Nikki Bond, Intern, Money and Mental Health

Introducing: Nikki Bond

This is the start of my second week at the Money and Mental Health Policy Institute – and while it’s a big change for me, it’s far from my first week working on money and mental health. I moved here following a career working first in social care, and more recently with vulnerable customers within the financial services industry – so the link between financial difficulty and mental health problems is one I’m very familiar with.

In my most recent role in the financial services industry I helped vulnerable customers to manage their accounts and repay debts they owed. The scope and breadth of this role quickly became apparent, and to do it well I needed to do more than simply support people to repay their debts, but also identify how their mental health may impact on their financial capability. To help people, we needed to assist them to budget, to signpost for debt advice and learn how to maximise their income, to identify suspicions of financial abuse and to guide people in understanding their finances and how their financial products worked.

Terms and conditions

One particular issue which I saw time and again, was people’s understanding of financial products’ terms and conditions. The process of applying for credit has become simplified; advancements in technology and the many ways in which credit can be applied for, including through apps and online, have broken down the barriers to gaining credit. Whilst opening up a whole new world of possibilities on the one hand, on the other, I have seen the adverse effects of easy access credit, and the difficulties in understanding complicated terms and conditions.

This led me to think about the accessibility of the information provided when signing up to these products, how many of us read the full terms and conditions? How many of us understand these and the implications? Is there not more of an onus on those providing products to make this information accessible to a range of audiences, understanding and literacy levels?

The experience of obtaining credit and then struggling to repay debts is a universal one, and certainly not limited to those with mental health problems. However, the links between debt and mental health are becoming all too familiar, and the impact of problem debt on a person’s mental health recovery was very apparent to me.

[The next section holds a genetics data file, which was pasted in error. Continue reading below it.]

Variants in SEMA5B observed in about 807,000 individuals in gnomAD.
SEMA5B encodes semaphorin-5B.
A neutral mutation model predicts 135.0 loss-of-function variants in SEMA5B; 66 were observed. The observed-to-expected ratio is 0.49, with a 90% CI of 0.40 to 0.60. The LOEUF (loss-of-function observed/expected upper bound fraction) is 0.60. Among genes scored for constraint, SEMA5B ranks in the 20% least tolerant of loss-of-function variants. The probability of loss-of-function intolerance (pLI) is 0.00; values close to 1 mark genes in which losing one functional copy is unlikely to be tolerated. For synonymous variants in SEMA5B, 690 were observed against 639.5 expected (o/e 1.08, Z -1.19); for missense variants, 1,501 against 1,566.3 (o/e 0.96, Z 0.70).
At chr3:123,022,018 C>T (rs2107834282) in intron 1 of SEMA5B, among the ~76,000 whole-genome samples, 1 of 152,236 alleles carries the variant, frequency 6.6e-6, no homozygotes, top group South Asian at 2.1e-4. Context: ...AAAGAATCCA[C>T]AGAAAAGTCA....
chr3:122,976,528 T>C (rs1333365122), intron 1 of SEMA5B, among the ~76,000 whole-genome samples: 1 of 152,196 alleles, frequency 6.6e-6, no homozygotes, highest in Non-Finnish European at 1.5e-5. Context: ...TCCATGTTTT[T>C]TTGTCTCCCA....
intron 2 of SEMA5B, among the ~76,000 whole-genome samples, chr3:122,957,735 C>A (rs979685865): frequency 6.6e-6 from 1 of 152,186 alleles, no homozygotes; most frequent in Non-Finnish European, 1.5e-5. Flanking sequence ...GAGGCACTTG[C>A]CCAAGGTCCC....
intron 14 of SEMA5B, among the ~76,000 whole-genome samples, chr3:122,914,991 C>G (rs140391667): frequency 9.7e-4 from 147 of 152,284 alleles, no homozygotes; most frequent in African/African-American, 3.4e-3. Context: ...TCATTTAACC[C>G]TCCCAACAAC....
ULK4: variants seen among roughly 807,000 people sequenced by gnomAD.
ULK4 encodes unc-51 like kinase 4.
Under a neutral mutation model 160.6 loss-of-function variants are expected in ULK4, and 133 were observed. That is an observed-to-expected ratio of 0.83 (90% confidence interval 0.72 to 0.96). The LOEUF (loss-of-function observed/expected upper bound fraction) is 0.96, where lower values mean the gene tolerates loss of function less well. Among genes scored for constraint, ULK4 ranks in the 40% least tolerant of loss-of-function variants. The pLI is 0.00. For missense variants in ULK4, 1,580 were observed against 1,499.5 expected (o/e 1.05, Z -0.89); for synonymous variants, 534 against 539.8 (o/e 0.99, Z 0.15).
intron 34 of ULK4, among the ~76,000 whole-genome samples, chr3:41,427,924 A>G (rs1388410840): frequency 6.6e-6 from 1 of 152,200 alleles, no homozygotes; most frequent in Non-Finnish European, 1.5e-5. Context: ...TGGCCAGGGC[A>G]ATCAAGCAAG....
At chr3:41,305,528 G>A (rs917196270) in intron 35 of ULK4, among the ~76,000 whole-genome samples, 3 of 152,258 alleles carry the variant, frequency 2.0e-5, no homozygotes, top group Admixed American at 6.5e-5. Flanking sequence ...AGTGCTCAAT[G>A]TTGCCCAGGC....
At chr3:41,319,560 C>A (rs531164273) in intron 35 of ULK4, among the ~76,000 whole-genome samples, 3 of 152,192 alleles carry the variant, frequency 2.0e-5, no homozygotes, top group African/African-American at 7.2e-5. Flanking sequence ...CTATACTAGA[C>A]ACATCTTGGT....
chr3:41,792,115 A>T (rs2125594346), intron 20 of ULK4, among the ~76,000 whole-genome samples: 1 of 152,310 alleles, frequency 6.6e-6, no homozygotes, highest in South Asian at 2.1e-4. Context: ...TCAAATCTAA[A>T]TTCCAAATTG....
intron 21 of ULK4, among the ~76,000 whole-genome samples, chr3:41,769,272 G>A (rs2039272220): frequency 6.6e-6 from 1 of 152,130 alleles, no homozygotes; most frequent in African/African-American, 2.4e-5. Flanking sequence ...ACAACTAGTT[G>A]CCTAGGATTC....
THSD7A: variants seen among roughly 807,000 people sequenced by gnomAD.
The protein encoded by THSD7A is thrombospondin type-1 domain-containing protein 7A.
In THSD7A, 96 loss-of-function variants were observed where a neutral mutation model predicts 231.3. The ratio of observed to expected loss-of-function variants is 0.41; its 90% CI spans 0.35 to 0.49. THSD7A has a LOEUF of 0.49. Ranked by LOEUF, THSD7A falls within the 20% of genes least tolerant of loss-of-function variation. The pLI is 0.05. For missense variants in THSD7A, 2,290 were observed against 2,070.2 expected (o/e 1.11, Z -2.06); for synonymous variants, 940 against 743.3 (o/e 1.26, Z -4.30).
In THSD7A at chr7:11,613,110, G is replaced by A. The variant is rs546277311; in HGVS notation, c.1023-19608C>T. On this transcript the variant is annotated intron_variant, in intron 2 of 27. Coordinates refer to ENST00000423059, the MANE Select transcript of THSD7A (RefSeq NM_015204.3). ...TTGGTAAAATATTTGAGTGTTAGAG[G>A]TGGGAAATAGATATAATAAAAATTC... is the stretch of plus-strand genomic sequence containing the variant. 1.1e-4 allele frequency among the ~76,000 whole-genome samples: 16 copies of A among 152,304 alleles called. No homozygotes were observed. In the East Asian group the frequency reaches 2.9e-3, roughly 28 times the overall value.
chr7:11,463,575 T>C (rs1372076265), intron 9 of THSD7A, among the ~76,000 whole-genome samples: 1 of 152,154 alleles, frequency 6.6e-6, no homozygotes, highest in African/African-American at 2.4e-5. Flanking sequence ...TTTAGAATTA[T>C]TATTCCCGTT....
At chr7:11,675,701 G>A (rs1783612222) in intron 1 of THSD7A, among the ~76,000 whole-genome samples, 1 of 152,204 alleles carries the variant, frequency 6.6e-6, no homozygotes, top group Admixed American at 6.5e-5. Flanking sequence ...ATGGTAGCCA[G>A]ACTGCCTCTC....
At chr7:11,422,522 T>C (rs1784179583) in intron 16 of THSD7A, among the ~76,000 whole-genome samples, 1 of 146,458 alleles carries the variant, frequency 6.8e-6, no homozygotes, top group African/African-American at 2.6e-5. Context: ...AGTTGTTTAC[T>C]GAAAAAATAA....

Watching history repeat itself

Working within the financial industry, I quickly learnt that there was a relatively small pool of agencies offering help to vulnerable consumers, and despite the fantastic work provided by these services, that the same themes and difficulties arose again and again. Namely: people with mental health problems and those who support them believing that a person did not have the capacity to consent to credit agreements; people struggling to manage their financial affairs during a period of hospitalisation; people not understanding products and the consequences of missing payments; and difficulties in budgeting and managing welfare reform cuts.

I had previously always worked on an individual basis with people, but in recognising recurring themes and difficulties faced by people with mental health problems, I began to want to move away from assisting one-on-one, and to contribute to improving the experiences of people with mental health difficulties on a larger scale.

A new challenge

Having spent the early part of my career working within social care, I have a strong sense of social justice and a passion for advocacy and supporting people to have their voice heard. Working with disadvantaged and marginalised groups, I had a growing awareness of the relationship between debt and mental health. These experiences have shaped and developed my understanding of disadvantage and financial exclusion, particularly difficulties people experience in managing their budgets; controlling their spending and making complex decisions. It was at the point, where I began to recognise these re-emerging trends, that I learnt of the Money and Mental Health Policy Institute.

I was encouraged by the work of Money and Mental Health, who were beginning to establish an irrefutable evidence base about the links between mental health and money. I was specifically interested in their focus on solutions that were consumer-led and empowering, which firmly left the control and choices in the hands of the people concerned.

I have been afforded this unique opportunity for a six month period. I hope in this time to learn and develop particularly my research skills, but also to use my experience in social care and the finance industry to contribute to this important and developing area of policy and research.